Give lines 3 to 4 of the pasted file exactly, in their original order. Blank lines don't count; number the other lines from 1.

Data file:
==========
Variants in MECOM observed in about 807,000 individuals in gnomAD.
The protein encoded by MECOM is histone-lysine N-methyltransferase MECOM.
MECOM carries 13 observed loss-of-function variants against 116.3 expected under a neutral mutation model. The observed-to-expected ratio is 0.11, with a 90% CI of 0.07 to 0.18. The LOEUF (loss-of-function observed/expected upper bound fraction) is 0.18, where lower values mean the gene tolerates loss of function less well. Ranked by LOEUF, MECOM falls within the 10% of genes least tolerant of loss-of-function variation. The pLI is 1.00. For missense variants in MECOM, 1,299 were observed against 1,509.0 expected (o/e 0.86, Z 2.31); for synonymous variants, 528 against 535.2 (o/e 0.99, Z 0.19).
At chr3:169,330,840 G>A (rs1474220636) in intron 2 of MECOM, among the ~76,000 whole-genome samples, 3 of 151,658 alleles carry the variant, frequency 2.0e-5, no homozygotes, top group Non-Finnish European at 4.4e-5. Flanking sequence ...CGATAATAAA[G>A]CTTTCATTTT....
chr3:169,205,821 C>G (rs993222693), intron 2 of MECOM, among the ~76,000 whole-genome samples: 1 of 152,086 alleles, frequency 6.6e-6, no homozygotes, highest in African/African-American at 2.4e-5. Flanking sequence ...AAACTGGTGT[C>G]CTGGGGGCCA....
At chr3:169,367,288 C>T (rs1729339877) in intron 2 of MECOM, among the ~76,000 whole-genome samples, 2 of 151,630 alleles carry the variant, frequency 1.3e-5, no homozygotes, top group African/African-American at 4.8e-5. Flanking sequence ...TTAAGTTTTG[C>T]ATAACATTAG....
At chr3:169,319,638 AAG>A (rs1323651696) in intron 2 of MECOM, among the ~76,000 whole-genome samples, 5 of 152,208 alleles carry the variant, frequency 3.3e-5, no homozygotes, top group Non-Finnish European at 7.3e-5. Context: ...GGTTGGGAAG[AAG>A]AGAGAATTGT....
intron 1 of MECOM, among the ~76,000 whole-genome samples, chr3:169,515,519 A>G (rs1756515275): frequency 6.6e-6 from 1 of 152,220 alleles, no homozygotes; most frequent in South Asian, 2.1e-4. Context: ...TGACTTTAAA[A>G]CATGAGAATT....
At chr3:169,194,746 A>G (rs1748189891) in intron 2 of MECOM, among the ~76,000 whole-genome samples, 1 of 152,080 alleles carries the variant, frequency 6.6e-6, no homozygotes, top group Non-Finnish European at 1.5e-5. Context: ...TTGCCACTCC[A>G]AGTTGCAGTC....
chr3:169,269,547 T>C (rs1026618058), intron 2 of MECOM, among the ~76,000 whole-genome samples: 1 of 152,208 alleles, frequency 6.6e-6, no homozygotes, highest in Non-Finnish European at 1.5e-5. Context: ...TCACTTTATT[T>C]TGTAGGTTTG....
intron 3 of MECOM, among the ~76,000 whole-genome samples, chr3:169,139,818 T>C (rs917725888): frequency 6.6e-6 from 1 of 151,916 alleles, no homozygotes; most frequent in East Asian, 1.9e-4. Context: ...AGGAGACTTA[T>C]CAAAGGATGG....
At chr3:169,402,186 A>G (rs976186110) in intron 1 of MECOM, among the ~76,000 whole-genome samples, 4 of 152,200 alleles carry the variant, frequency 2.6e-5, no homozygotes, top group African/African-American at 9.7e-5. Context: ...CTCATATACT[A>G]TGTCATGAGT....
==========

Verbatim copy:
MECOM carries 13 observed loss-of-function variants against 116.3 expected under a neutral mutation model. The observed-to-expected ratio is 0.11, with a 90% CI of 0.07 to 0.18. The LOEUF (loss-of-function observed/expected upper bound fraction) is 0.18, where lower values mean the gene tolerates loss of function less well. Ranked by LOEUF, MECOM falls within the 10% of genes least tolerant of loss-of-function variation. The pLI is 1.00. For missense variants in MECOM, 1,299 were observed against 1,509.0 expected (o/e 0.86, Z 2.31); for synonymous variants, 528 against 535.2 (o/e 0.99, Z 0.19).
At chr3:169,330,840 G>A (rs1474220636) in intron 2 of MECOM, among the ~76,000 whole-genome samples, 3 of 151,658 alleles carry the variant, frequency 2.0e-5, no homozygotes, top group Non-Finnish European at 4.4e-5. Flanking sequence ...CGATAATAAA[G>A]CTTTCATTTT....